The Lord, the Servants and the Kingdom of God
(Lk. 19:28-38)

It is in this context that Jesus unfolds the famous parable, from which we derive our title and our duty. His teaching is addressed immediately to believers, and particularly to those who believe that the kingdom of God "should immediately appear," without any work by man. Jesus' purpose is to refute this erroneous idea of His Kingdom, and to charge his believers with a comprehensive vision and duty.

Our Lord clearly tells us that there are three kinds of men: good servants, wicked servants, and the Lord's enemies. Though there are differences of degree within these kinds, there are no other categories of men.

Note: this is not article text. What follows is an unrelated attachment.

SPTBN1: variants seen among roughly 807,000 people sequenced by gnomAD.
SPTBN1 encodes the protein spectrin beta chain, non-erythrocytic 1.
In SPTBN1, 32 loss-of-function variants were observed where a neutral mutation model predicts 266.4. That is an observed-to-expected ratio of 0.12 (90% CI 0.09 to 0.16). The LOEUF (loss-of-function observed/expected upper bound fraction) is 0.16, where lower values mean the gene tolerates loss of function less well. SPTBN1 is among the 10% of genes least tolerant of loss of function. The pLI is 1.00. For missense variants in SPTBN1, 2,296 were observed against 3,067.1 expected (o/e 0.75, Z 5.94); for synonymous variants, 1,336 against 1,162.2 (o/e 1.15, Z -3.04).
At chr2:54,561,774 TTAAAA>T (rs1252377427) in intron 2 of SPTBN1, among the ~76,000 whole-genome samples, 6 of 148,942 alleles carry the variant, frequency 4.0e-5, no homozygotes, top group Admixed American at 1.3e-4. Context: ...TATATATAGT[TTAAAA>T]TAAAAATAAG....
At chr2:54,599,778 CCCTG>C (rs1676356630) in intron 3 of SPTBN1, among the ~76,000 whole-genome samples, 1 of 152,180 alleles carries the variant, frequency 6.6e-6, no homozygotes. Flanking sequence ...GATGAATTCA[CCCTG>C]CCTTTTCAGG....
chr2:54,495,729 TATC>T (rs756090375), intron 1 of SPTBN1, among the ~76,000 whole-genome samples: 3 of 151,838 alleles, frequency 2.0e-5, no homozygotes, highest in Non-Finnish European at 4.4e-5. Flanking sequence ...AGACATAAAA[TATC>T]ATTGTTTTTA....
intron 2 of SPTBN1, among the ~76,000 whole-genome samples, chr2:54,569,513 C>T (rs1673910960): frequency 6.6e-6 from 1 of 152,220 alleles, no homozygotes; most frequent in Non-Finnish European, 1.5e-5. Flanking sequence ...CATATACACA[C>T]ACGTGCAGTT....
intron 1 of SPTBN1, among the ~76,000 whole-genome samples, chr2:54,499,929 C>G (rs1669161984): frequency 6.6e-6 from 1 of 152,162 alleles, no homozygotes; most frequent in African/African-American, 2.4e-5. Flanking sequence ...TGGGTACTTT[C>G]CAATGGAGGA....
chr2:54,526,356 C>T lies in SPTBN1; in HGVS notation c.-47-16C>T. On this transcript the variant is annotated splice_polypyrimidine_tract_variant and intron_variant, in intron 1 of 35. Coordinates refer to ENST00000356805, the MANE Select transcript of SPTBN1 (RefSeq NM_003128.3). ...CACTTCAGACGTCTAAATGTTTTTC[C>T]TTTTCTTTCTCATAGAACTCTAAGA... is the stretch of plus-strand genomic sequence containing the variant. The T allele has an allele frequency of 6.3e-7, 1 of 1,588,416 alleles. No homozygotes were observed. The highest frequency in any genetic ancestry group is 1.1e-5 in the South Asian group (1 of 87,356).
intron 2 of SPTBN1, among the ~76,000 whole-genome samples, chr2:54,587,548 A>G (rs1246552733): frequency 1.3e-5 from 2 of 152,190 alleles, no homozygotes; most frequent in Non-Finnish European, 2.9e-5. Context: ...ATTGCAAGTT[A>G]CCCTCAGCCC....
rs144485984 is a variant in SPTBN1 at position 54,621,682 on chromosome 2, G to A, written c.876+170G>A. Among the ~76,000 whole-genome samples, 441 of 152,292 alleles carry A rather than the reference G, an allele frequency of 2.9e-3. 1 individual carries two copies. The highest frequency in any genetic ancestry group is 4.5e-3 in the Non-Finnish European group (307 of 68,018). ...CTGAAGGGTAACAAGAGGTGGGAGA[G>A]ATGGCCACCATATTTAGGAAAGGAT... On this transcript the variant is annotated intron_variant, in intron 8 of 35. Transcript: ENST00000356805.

Good servants begin by believing the Lord, by recognizing His nature, His authority, His right to rule, the authority and lawfulness of his word. The Lord commands his servants — all his servants — to occupy, to "do business," until he comes. And His good servants obey; knowing that He demands profit on His gifts to them, they do their utmost to produce an increase for Him. They do not occupy themselves with the question of the time or mode of His return, but rather with the duty of occupying for their Lord.